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  • Writer's pictureVicky Keston

Off Season School Search

March arrived, and while other parents received admissions decisions, you realized that your child needs a new school. Maybe you accepted a new job out of town, maybe your child’s school became more obviously a misfit, or maybe your public school option doesn’t work for your family.

Whatever the reason, don’t panic. Many of my clients have found schools over the spring and summer months. While it requires flexibility, it also works to your favor in terms of quick decisions.

Initial List – Look Broadly for Fit 

Teaching Style. Among parents, many have a preference for a more traditional or more progressive approach. Traditional schools will include testing and essay writing prominently, whereas progressive schools will have more projects and few tests. Prefer neither extreme? Balanced schools will offer some projects and some tests. Consider how your child will thrive in a specific model. Do they need to move a lot during the day? Do they focus well at a table? Do they bristle under structure, or do they prefer it? Do they prefer quiet or a bustling classroom? Your child’s current teacher is a great resource for hearing how your child reacts to the school environment as they see them among classmates without parents supervising.

Logistics and Cost. Perhaps the easiest to narrow down because logistics are factual, consider location, hours, holidays, and cost. If your budget is tight, consider whether your family would qualify for financial aid, and whether that’s likely to make the school affordable. Try a commute test, driving (or biking or taking transit) during school drop off or pickup hours. In our area, the pickup times can have worse traffic as we are a late start city, but that varies by neighborhood. Lastly, consider whether siblings can attend the same school, and if so, for how many years.

8th and 12th Grade. Many K-8 private schools do not consider 8th grade applicants, nor private high schools 12th grade applicants, largely due to the tight turnaround between when they would start school and when they would apply out. If you have a student in the current 7th or 11th grade needing a school for the fall, it’s best to contact admissions to determine their policy, or consider public school for that year. 

Special Needs. Some private schools have learning specialists to help children needing extra support, some do not accept children with even mild special needs, and some focus exclusively on special needs students. Public schools offer (by law) IEPs and 504s for kids with special needs, which, as a whole, is typically more robust than general-education private schools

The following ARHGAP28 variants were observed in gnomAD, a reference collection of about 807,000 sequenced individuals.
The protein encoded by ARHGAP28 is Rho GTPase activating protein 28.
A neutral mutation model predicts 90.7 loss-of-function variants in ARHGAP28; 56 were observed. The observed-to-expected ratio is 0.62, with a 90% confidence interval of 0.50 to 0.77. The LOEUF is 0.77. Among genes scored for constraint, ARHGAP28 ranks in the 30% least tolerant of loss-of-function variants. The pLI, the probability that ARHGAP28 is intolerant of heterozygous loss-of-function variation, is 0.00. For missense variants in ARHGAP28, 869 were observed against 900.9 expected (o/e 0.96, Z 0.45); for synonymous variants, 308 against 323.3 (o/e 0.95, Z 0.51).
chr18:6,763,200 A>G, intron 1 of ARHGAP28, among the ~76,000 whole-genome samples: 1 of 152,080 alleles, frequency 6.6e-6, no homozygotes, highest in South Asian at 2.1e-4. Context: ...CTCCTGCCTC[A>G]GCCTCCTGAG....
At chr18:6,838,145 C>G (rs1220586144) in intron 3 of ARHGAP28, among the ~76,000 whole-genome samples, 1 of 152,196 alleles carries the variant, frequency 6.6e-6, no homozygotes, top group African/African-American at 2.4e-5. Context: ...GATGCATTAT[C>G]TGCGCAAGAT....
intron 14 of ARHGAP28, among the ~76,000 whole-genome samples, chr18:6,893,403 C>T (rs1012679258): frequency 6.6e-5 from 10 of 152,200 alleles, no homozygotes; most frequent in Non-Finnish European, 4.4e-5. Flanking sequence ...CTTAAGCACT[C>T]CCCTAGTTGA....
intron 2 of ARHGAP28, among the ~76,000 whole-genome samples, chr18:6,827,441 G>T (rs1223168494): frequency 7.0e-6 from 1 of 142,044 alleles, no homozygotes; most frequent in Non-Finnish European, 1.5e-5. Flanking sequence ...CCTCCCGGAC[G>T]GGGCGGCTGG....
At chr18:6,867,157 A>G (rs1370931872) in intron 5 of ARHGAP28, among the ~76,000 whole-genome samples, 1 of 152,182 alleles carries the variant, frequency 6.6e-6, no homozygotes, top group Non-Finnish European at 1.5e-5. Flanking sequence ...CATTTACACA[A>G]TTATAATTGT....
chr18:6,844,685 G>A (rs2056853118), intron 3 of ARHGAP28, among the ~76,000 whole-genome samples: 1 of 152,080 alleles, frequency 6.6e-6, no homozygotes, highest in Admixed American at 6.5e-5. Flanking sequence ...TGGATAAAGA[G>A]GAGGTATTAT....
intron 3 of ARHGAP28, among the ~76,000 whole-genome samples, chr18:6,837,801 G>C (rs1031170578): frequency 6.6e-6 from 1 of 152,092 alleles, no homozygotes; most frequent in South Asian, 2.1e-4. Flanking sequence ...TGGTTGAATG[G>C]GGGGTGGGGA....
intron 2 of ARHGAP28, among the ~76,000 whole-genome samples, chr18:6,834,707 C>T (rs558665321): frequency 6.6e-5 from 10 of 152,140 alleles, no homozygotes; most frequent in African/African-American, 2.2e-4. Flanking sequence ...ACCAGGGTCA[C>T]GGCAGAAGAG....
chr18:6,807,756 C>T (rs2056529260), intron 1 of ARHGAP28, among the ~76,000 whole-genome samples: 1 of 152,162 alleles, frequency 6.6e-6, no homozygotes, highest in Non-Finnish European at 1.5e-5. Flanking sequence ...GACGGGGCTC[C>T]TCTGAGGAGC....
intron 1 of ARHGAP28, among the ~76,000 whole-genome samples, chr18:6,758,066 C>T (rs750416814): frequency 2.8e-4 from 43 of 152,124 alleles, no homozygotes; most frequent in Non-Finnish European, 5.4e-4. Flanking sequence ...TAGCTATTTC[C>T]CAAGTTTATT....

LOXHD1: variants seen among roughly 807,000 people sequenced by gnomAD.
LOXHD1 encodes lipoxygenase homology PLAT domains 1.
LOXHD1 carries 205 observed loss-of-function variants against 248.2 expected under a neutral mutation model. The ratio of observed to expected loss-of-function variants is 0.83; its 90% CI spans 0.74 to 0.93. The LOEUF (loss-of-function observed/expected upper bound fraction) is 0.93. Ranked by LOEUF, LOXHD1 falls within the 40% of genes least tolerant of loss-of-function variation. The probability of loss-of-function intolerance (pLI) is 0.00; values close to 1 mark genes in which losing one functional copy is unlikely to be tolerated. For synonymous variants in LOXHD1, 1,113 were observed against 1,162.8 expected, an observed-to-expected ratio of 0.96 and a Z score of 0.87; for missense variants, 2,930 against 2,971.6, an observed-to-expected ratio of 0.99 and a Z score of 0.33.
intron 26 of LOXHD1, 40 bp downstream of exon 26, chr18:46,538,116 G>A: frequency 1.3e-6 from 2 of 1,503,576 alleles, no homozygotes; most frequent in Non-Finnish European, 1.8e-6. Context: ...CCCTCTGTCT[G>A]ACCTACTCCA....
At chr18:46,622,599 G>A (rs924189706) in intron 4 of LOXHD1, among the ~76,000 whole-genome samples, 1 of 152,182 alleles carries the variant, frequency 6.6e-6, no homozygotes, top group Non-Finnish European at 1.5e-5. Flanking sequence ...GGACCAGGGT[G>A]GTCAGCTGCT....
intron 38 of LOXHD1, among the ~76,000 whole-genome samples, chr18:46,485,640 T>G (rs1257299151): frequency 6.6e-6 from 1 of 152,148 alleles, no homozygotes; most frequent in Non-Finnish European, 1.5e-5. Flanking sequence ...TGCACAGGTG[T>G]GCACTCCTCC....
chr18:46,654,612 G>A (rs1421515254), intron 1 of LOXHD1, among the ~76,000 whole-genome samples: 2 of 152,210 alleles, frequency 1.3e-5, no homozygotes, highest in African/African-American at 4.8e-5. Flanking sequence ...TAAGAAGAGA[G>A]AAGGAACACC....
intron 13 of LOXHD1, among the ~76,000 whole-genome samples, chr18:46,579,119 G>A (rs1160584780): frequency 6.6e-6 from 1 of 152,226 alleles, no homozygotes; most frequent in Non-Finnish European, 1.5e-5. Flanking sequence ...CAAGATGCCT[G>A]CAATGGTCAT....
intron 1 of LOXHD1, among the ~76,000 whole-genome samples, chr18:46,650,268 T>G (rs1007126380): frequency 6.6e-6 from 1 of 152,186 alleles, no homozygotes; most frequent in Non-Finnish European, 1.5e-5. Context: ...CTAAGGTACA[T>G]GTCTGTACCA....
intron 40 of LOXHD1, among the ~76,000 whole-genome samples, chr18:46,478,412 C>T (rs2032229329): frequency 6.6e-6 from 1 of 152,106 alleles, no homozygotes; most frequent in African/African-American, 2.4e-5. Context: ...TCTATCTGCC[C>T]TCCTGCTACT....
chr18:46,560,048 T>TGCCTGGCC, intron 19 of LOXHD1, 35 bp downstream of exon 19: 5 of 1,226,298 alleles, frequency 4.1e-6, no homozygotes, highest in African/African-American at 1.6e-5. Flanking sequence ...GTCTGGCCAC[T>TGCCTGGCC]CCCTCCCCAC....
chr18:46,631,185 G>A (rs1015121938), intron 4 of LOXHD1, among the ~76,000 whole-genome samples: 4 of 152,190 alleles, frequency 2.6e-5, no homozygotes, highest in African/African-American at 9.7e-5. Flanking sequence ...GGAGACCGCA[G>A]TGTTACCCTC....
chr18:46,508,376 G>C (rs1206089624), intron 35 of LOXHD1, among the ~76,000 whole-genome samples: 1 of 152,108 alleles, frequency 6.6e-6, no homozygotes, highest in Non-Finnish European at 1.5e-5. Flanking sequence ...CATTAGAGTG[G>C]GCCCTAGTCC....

Academic Precocity. For gifted or more advanced learners, gifted-only and gifted-friendly schools will offer opportunities for more challenging work, including single subject acceleration when appropriate. At the high school level, this manifests with AP or college level class electives. Both public and private schools can be either gifted-only, gifted-friendly, or gifted-hostile.

Step One

Contact Any School of Interest. While the more selective schools may be full, it never hurts to email admissions. Families move out of town due to jobs, or families may change schools late in the season. While schools have existing wait pools, many are open to the fresh candidate when surprise openings arise. 

Explain Why Looking Now. Use positive terms to express why your child needs a new school, rather than malign the current school. Like employers, schools prefer parents who will not besmirch their reputation in the rare instance that the fit isn’t there. Examples: moving out of the area, student prefers more structure (if in a very progressive model), student prefers less structure (if in a very traditional model), cost (financial aid reduced), or student seeks more challenge (if applying to a school with challenge options). 

Be Flexible. A school might have openings simply because it is new or under the radar of local parent chats. Fit matters more than reputation. High schools and colleges prefer a variety of feeders. Where you send your child to school only impacts their future to the extent that your child is happy and thrives. 

Role of a Consultant 

A consultant can help by reviewing your child’s needs and recommending potential schools. In addition, your consultant can help you weigh the pros and cons of each school, and support you in your decision process.

Want more input on schools?

Vicky consults with families to help select, apply to, and communicate with public and private schools in the San Francisco Bay Area. Vicky maintains a principle of non-judgment. Hourly, VIP, and Season packages include a discussion to review school options, applications, essays, and key decisions. Vicky offers a limited number of packages each year to assure her availability. 

Vicky’s own children have attended both public and private schools, and have received both accommodations and curriculum changes; her elder is in high school, and her younger in middle school. New clients can email to learn more about her services, or see her website to learn about her packages.

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